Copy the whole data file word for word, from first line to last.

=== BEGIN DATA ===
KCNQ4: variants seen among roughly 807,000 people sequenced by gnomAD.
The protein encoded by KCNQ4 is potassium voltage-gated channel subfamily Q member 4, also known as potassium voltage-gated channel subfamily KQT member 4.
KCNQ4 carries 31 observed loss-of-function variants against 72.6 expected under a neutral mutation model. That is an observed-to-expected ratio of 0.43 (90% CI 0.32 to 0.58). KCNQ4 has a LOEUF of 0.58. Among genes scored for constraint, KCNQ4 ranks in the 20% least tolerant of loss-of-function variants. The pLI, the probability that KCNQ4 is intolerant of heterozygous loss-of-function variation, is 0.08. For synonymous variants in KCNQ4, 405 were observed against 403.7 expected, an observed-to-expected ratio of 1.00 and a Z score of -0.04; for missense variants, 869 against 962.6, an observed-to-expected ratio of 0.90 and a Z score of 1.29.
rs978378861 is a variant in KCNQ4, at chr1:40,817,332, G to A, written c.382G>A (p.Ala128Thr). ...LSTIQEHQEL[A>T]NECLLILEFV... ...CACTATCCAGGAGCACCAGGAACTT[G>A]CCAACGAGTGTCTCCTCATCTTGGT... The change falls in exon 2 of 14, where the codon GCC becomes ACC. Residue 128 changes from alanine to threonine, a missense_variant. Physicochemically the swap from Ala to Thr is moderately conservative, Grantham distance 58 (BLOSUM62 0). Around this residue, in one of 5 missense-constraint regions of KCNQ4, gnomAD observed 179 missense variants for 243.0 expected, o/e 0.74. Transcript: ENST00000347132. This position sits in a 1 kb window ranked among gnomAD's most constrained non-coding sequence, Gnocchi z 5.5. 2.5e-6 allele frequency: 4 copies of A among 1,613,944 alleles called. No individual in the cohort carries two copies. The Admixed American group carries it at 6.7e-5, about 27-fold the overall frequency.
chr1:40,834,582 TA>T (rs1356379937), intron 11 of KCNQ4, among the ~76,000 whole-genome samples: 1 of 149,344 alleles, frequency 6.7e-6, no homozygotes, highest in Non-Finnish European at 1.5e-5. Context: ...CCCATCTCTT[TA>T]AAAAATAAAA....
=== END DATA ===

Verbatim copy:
KCNQ4: variants seen among roughly 807,000 people sequenced by gnomAD.
The protein encoded by KCNQ4 is potassium voltage-gated channel subfamily Q member 4, also known as potassium voltage-gated channel subfamily KQT member 4.
KCNQ4 carries 31 observed loss-of-function variants against 72.6 expected under a neutral mutation model. That is an observed-to-expected ratio of 0.43 (90% CI 0.32 to 0.58). KCNQ4 has a LOEUF of 0.58. Among genes scored for constraint, KCNQ4 ranks in the 20% least tolerant of loss-of-function variants. The pLI, the probability that KCNQ4 is intolerant of heterozygous loss-of-function variation, is 0.08. For synonymous variants in KCNQ4, 405 were observed against 403.7 expected, an observed-to-expected ratio of 1.00 and a Z score of -0.04; for missense variants, 869 against 962.6, an observed-to-expected ratio of 0.90 and a Z score of 1.29.
rs978378861 is a variant in KCNQ4, at chr1:40,817,332, G to A, written c.382G>A (p.Ala128Thr). ...LSTIQEHQEL[A>T]NECLLILEFV... ...CACTATCCAGGAGCACCAGGAACTT[G>A]CCAACGAGTGTCTCCTCATCTTGGT... The change falls in exon 2 of 14, where the codon GCC becomes ACC. Residue 128 changes from alanine to threonine, a missense_variant. Physicochemically the swap from Ala to Thr is moderately conservative, Grantham distance 58 (BLOSUM62 0). Around this residue, in one of 5 missense-constraint regions of KCNQ4, gnomAD observed 179 missense variants for 243.0 expected, o/e 0.74. Transcript: ENST00000347132. This position sits in a 1 kb window ranked among gnomAD's most constrained non-coding sequence, Gnocchi z 5.5. 2.5e-6 allele frequency: 4 copies of A among 1,613,944 alleles called. No individual in the cohort carries two copies. The Admixed American group carries it at 6.7e-5, about 27-fold the overall frequency.
chr1:40,834,582 TA>T (rs1356379937), intron 11 of KCNQ4, among the ~76,000 whole-genome samples: 1 of 149,344 alleles, frequency 6.7e-6, no homozygotes, highest in Non-Finnish European at 1.5e-5. Context: ...CCCATCTCTT[TA>T]AAAAATAAAA....